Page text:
Spare-bank memory and memory mirroring are other advanced mechanisms that enable systems to handle memory errors, such as multi-bit errors. In one embodiment, the physical memory 130 comprises a spare-bank DRAM. The spare-bank memory feature may be implemented in the memory controller 120 and the system basic input/output system (BIOS) software. This feature enables administrators to configure a spare row, or bank, of memory for spare use.

In one embodiment, if a number of correctable errors that occur within a certain time frame on a particular DIMM in any of the usable banks exceeds a given threshold set in the BIOS, then the BIOS instructs the memory controller 120 to copy the data from the failing bank to the spare bank. Then the memory controller 120 remaps the memory in the system. After the copy process has completed, the failing bank is no longer used. Instead the spare bank is used. As shown, the physical memory 130 may be partitioned into multiple logical banks, such as memory banks 136 a-136 g. The spare bank 132 may be used to replace one of the banks 136 a-136 g during failure of the one bank.

The physical memory 130 may store one or more software applications (not shown) that are later compiled and loaded into the cache memory subsystem. Generally speaking, for a given software application, the kernel of an operating system sets up an address space for the application, loads the application's code into the physical memory 130, sets up a stack for the application, branches to a given location inside the application, and begins execution of the application. Dynamic objects accessed with pointers may be allocated during program execution. As shown, one or more arrays 138 a-138 c of bytes may be allocated during the execution of one or more software applications. It is noted that while arrays are used herein for purposes of discussion, the methods and mechanisms may be applied to other types of data structures.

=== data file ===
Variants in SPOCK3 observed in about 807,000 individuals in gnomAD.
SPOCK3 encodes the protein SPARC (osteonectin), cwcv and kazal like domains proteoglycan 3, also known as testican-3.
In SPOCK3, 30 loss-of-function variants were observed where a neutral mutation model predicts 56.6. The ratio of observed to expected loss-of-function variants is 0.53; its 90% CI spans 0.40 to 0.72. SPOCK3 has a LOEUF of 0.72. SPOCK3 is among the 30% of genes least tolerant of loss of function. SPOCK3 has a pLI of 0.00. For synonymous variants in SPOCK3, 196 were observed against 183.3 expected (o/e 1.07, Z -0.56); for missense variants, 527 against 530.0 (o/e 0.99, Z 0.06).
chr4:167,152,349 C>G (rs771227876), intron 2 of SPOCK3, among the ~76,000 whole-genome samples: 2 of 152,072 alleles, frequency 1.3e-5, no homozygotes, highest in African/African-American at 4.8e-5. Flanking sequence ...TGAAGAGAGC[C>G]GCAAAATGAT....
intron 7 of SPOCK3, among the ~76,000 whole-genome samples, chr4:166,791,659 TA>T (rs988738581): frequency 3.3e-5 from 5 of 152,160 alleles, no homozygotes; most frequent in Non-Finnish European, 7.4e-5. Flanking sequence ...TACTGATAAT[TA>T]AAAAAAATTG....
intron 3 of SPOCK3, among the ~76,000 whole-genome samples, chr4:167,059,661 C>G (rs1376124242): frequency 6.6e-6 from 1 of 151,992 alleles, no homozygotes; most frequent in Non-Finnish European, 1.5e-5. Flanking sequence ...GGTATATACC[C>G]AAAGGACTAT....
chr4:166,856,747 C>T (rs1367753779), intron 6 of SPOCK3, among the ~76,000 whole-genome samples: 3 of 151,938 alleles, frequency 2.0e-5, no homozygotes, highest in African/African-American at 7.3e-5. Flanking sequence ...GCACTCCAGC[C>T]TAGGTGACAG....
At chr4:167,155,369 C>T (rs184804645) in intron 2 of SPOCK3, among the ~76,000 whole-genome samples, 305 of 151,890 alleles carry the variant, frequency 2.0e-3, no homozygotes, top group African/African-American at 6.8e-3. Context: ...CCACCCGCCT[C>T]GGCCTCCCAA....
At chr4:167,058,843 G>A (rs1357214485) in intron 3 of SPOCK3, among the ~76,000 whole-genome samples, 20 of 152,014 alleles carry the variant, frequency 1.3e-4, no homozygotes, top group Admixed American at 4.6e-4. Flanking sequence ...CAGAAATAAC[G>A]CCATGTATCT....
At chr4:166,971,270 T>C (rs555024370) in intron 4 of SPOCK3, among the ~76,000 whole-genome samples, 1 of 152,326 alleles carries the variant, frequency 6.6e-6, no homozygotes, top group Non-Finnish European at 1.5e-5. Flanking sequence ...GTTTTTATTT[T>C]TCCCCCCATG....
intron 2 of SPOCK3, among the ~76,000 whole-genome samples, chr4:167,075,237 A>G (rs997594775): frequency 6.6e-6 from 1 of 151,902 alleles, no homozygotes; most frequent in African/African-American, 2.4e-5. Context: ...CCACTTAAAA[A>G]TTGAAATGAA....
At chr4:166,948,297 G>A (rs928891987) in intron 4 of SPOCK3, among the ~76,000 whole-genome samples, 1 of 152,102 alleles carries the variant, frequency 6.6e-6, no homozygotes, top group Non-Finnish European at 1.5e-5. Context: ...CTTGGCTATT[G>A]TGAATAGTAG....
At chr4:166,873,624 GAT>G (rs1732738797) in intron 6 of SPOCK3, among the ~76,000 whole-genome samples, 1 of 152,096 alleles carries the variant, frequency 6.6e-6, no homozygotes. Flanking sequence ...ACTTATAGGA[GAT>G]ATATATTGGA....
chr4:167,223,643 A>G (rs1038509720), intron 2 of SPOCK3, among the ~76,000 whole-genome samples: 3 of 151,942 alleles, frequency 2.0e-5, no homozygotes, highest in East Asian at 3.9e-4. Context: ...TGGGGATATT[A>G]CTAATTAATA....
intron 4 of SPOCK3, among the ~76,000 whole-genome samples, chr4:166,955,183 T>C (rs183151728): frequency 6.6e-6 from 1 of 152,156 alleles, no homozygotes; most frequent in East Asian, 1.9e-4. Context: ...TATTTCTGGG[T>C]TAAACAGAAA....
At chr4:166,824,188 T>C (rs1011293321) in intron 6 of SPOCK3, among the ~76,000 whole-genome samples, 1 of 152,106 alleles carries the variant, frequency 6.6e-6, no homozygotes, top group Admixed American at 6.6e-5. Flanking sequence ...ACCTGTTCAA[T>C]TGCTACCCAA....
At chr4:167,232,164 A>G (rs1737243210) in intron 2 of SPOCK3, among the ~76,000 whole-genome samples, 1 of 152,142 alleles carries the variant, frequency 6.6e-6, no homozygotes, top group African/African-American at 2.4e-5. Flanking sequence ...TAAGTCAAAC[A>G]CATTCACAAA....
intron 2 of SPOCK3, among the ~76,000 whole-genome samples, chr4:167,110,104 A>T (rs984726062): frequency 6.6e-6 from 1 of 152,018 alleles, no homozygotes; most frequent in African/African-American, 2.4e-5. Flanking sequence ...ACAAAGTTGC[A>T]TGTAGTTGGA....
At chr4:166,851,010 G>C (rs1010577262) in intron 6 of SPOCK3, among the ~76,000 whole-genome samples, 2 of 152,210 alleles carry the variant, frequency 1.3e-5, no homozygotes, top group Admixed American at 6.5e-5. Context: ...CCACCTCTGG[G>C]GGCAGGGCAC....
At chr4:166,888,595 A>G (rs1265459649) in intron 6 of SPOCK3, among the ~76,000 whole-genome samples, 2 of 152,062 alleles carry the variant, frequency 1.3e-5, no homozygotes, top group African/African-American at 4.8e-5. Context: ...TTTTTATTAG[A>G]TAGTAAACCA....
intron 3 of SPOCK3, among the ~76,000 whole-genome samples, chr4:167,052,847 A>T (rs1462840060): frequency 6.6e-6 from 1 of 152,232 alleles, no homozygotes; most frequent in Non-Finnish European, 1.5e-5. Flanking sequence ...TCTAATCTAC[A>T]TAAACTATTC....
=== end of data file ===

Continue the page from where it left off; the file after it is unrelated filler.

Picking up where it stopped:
In one embodiment, when there has been no hardware failure of the DRAM, or there are otherwise spare banks available, each of the allocated arrays 138 a-138 c may have associated version bits 134 a-134 c stored in the spare bank 132. As used herein, “version bits” generally refers to one or more bits used as a tag or identifier. The spare bank 132 may be borrowed for the purpose of storing the version bits to be used for memory corruption detection. An access to a memory location within one of the allocated arrays 138 a-138 c by a read or a write operation causes the data stored in that memory location to be returned to the processor 102. The associated version bits for the accessed memory location may be returned to the processor along with the data where they may then be stored with (or in association with) the data. For example, if a memory location within the allocated array 138 a is accessed, then the version bits 134 a may be returned to the processor 102 along with the accessed data within the allocated array 138 a. In various embodiments, these version bits are also stored at one or more (e.g., all) cache levels as well. For example, versions bits may be stored in association with the data in the cache(s) and typical cache coherency protocols may be used to access the data and corresponding versions bits. On a cache miss at the lowest level (e.g., L3), the data and version bits may be retrieved from memory.